REWIND: Let Sleeping Corpses Lie (1974)
Considerably tame by today’s standards you wouldn’t believe that Let Sleeping Corpses Lie (also known as The Living Dead at the Manchester Morgue) was once at the centre of a moral panic that sweeped Britain. Classified as a “video nasty” by the media and government it was one of 72 films deemed responsible for the corruption of the nation’s youth due to its obscene depiction of sex and violence.
Let Sleeping Corpses Lie was released in the UK in 1985 with two minutes of footage cut. It wouldn’t see a full uncut release in the country until 2002. It is difficult to believe watching it now that this film caused such outrage when you consider films like Saw (2004) are multi-million pound franchises spanning nine films the same can be said of most of the “video nasties” from that era.
The film was shot on location in the Lake District providing a beautiful backdrop for the story. An Italian-Spanish production the film was dubbed over in English after production. There are some hilarious attempts at English accents throughout. That provided with the lacklustre performances from the actors themselves makes the film somewhat comical in retrospect.
Let Sleeping Corpses Lie is a strange tale about antique dealer George Meaning (Ray Lovelock) who while on holiday in Windermere finds himself at the centre of a murder investigation. Accused of murdering and mutilating the corpses of the recently deceased George must convince the Police that it is the corpses themselves, recently brought back to life by ultrasonic radiation from a nearby farming experiment, that are responsible.
George faces tough opposition in the form of a gruff Irish Police Inspector played (Arthur Kennedy) who seems determined to put him behind bars simply for the way he dresses. The Inspector even goes as far as to brand George a Satanist after a local churchyard is desecrated during a confrontation with the shambling corpses. He is unable to prove his innocence and is gunned down by the Police during the films climax only to return from the dead to take revenge on the Inspector.
The film has a rather bleak ending with both of our main protagonists dying and with seemingly no hope of preventing the zombie outbreak. The final shot is of the ultrasonic radiation machine operating at full capacity after George attempted to destroy it earlier in the film. Despite all their best efforts our heroes failed and the zombie outbreak is going to continue unchallenged.
Let Sleeping Corpses Lie has some particularly exciting special effects. There are lots of gruesome scenes involving cannibalism, disembowelment and everything else you’d expect from a zombie movie. An interesting visual choice is the use of red contact lenses for the undead. It gives them an inhuman and somewhat Satanic feel. The soundtrack is subtle and consists mainly of low-pitched murmurs and ear-piercing siren like sounds used to represent the ultrasonic radiation that is the cause of this whole mess.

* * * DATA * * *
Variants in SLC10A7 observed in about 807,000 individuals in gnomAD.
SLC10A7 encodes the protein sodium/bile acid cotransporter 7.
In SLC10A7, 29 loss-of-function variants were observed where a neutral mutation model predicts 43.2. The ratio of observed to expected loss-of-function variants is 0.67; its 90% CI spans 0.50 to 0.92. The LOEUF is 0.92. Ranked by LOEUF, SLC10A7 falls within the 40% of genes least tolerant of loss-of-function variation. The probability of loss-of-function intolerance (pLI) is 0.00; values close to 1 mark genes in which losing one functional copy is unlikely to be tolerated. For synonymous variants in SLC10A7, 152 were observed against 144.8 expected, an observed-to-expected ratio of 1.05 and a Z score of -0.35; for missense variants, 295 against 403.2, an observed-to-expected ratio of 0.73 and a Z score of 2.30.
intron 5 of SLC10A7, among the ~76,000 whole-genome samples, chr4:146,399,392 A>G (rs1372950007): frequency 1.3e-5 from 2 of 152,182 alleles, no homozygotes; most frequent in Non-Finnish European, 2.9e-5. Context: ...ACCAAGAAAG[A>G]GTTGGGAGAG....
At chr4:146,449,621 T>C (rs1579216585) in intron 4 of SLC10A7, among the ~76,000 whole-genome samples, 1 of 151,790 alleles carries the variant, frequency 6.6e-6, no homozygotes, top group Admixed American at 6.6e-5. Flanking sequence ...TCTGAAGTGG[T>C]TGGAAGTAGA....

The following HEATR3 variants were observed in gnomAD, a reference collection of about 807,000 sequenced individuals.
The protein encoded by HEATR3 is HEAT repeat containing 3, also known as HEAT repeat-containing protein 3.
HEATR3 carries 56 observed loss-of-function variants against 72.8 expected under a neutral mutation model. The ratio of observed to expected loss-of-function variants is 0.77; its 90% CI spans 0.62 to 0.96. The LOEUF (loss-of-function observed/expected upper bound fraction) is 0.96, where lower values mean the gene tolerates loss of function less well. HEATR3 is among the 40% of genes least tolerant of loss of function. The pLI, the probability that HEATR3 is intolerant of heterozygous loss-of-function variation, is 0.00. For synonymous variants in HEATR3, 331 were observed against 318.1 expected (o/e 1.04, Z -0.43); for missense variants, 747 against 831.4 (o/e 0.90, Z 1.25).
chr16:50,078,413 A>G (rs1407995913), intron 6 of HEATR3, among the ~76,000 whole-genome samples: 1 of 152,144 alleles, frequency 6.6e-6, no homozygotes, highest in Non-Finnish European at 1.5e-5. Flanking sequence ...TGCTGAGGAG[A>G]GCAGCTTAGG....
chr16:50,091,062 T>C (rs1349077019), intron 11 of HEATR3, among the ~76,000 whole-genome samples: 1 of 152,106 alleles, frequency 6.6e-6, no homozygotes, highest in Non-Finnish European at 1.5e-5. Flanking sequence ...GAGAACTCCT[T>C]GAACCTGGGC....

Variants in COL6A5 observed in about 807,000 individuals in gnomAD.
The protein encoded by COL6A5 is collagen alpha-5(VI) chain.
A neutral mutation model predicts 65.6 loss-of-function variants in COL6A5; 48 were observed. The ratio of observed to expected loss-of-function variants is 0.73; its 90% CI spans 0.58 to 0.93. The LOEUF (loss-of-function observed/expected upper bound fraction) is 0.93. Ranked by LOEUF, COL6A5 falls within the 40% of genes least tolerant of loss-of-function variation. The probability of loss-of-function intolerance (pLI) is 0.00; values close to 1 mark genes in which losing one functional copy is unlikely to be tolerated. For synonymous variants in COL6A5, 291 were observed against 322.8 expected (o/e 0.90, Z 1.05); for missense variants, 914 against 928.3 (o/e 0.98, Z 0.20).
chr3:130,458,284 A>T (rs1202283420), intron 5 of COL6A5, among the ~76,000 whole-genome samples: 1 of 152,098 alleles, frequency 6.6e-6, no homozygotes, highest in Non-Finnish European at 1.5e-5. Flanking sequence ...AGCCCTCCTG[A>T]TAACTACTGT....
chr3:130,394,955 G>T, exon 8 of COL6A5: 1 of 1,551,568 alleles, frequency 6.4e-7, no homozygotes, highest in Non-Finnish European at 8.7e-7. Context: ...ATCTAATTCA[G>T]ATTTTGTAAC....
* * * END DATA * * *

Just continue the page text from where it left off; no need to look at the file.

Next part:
One of the better examples of the genre post-Night of the Living Dead the film manages to sneak in some of the social commentary that made George Romero’s films so iconic. The film carries a strong environmental message. The cause of the zombie outbreak is an experimental new pesticide being tested out by the “Department of Agriculture – Experimental Division”. George questions the scientists on the environmental impact of the new technology but is quickly dismissed as a city-boy trying to stand in the way of progress.
The main conflict in the film, besides the struggle between the living and the dead, is between generations. This conflict is no more apparent than in the relationship between George and The Inspector. George is a young, counter-cultural city dweller who doesn’t trust the Police or the establishment which puts him at odds with The Inspector who immediately takes a disliking to the boy. Throughout the film the young protagonists are consistently accused of being crazy, drug addicts or even cultists, no one is willing to believe their stories right up until the very end.
There is an interesting scene at the beginning of the movie as George is travelling from London to Windermere. A young women takes off her clothes and runs through traffic while flashing a peace sign. The shots of her running through traffic are inter cut with shots of commuters seemingly oblivious to the girl. They are either too concerned with the traffic or simply too bored to care. Either way the scene seems to be making a point about the failure of the counter-cultural movement. It no longer shocks people in the same way it use to, maybe it is time for new tactics, something that Let Sleeping Corpses Lie is more than willing to provide.